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mended, as likely to prejudice the English interest, it may be concluded that the proposal and the bill fell to the ground together. The second part of the volume above mentioned, contains a very able argument in favour of encouraging the study of the Irish language, as the best means of uniting the Irish and English nation in one common faith. It is dedicated to the two Houses of Convocation. We shall be happy to learn, from some of our correspondents better acquainted than ourselves with Irish history, any further particulars connected with this very interesting subject, the conversion of the Roman Catholic Irish to the Protestant faith.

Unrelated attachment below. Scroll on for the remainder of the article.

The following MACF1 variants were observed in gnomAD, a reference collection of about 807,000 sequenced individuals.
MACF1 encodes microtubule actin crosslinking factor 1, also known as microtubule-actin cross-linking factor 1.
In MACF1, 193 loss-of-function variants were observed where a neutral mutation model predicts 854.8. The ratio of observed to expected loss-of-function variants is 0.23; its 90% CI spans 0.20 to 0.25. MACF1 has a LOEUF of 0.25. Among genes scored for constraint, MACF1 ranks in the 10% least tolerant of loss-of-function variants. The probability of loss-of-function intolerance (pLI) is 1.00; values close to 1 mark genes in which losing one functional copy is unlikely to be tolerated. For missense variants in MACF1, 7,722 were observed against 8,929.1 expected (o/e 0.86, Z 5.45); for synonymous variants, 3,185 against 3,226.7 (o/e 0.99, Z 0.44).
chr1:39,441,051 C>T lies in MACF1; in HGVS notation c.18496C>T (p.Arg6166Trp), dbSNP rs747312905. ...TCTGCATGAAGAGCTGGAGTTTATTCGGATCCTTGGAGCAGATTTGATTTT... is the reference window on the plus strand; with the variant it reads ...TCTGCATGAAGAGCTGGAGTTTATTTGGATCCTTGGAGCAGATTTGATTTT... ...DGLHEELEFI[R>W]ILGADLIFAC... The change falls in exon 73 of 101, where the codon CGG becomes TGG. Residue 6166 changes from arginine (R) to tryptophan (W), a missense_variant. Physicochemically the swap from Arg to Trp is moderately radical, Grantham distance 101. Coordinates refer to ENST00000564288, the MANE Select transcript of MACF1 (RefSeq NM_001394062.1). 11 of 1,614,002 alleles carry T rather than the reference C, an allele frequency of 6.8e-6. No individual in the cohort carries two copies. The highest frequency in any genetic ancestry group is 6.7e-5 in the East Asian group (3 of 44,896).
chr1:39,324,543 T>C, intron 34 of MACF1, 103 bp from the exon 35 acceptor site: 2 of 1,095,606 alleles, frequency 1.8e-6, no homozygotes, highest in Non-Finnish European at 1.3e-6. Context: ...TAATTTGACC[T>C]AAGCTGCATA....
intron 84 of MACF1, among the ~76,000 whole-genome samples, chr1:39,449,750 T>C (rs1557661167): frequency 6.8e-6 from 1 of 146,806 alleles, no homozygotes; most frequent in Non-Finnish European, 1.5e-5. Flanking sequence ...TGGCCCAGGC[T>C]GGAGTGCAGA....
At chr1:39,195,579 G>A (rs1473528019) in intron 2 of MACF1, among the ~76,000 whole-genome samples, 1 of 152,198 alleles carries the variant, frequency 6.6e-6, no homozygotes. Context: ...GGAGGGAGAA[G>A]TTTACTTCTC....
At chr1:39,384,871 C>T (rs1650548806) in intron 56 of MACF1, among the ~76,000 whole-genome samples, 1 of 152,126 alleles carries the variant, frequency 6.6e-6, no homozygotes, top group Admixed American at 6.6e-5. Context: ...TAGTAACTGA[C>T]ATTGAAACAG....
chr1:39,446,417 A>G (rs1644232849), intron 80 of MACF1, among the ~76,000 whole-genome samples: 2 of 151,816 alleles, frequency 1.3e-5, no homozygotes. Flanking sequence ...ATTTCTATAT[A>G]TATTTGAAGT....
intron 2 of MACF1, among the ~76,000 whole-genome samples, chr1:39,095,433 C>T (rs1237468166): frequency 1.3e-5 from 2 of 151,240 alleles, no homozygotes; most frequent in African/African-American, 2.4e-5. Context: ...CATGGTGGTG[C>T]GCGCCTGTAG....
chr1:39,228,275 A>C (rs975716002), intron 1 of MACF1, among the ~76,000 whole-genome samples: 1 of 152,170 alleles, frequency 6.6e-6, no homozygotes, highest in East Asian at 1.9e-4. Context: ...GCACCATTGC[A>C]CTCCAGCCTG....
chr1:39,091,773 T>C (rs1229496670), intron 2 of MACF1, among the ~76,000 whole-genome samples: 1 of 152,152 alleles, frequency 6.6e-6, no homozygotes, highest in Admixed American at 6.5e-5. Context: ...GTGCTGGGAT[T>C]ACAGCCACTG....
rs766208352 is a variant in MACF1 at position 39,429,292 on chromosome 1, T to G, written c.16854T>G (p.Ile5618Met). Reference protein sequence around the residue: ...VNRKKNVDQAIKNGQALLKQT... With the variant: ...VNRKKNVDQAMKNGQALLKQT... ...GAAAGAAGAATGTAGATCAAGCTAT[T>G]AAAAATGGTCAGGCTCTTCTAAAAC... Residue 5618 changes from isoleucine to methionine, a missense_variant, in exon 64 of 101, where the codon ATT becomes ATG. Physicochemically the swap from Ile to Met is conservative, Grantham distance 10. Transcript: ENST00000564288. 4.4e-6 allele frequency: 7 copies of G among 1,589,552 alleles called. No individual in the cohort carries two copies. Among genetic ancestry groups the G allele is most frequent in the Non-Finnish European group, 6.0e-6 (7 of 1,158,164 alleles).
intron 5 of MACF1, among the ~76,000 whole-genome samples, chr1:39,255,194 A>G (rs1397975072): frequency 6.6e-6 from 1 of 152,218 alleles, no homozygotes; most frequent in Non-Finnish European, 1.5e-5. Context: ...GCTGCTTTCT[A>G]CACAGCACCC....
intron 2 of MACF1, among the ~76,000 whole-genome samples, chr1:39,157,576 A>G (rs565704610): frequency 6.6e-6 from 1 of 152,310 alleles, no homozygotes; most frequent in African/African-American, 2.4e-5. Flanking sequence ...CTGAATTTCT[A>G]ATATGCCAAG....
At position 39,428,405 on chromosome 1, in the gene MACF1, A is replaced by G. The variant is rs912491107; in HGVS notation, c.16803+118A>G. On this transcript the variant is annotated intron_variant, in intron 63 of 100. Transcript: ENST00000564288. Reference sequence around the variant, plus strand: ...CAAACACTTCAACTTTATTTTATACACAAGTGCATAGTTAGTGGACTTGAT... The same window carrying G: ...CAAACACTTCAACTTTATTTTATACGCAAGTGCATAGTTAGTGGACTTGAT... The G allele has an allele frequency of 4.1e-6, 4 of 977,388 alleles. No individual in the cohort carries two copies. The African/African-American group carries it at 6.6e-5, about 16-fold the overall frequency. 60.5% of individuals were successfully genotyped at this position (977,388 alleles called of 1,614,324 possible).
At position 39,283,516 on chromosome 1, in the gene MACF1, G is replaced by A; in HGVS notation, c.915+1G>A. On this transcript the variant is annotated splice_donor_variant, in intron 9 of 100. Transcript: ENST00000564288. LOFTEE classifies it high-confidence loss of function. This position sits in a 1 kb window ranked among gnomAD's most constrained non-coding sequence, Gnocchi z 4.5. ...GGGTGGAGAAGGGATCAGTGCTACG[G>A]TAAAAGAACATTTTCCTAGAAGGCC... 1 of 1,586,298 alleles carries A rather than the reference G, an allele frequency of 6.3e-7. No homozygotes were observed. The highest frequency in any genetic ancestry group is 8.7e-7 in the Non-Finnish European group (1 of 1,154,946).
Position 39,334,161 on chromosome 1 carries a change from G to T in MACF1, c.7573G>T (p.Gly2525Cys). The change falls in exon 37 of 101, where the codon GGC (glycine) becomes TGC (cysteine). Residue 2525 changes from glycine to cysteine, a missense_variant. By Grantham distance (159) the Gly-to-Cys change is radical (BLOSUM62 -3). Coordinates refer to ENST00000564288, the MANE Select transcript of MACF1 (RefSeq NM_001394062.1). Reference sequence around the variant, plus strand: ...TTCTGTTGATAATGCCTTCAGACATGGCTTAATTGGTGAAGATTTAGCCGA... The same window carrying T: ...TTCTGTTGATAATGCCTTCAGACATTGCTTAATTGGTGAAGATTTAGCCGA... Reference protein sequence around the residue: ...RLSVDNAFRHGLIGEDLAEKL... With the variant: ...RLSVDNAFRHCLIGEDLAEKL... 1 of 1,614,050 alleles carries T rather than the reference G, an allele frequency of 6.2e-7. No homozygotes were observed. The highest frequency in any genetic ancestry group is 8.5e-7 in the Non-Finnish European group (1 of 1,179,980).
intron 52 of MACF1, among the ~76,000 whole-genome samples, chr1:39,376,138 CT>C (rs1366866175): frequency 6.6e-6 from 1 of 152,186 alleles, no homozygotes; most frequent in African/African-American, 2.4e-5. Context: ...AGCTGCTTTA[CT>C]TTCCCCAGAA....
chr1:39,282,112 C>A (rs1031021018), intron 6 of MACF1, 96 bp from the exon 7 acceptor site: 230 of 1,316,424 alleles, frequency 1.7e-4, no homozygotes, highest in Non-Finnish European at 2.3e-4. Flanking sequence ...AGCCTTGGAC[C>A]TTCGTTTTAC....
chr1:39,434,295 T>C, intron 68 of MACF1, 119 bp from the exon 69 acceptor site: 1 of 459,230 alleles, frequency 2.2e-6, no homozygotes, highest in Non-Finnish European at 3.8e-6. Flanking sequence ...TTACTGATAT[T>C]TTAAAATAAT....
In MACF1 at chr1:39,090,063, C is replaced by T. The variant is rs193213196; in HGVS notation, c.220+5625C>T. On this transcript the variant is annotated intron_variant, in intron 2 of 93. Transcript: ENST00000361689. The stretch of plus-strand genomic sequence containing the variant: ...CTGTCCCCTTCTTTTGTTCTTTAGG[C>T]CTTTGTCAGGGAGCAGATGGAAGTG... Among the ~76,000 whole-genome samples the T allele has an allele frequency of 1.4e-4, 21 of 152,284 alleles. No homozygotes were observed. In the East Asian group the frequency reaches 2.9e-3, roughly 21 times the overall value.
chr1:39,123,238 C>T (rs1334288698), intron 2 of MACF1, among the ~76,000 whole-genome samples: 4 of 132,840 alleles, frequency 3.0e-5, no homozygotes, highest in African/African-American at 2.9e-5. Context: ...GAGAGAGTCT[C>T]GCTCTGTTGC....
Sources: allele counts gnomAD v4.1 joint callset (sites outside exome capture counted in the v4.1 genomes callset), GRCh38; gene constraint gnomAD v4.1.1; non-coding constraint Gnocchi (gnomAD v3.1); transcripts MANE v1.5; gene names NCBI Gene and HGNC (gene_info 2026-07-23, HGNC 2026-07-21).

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ON GENESIS, iv. 7.

To the Editor of the Christian Remembrancer. MR. Editor,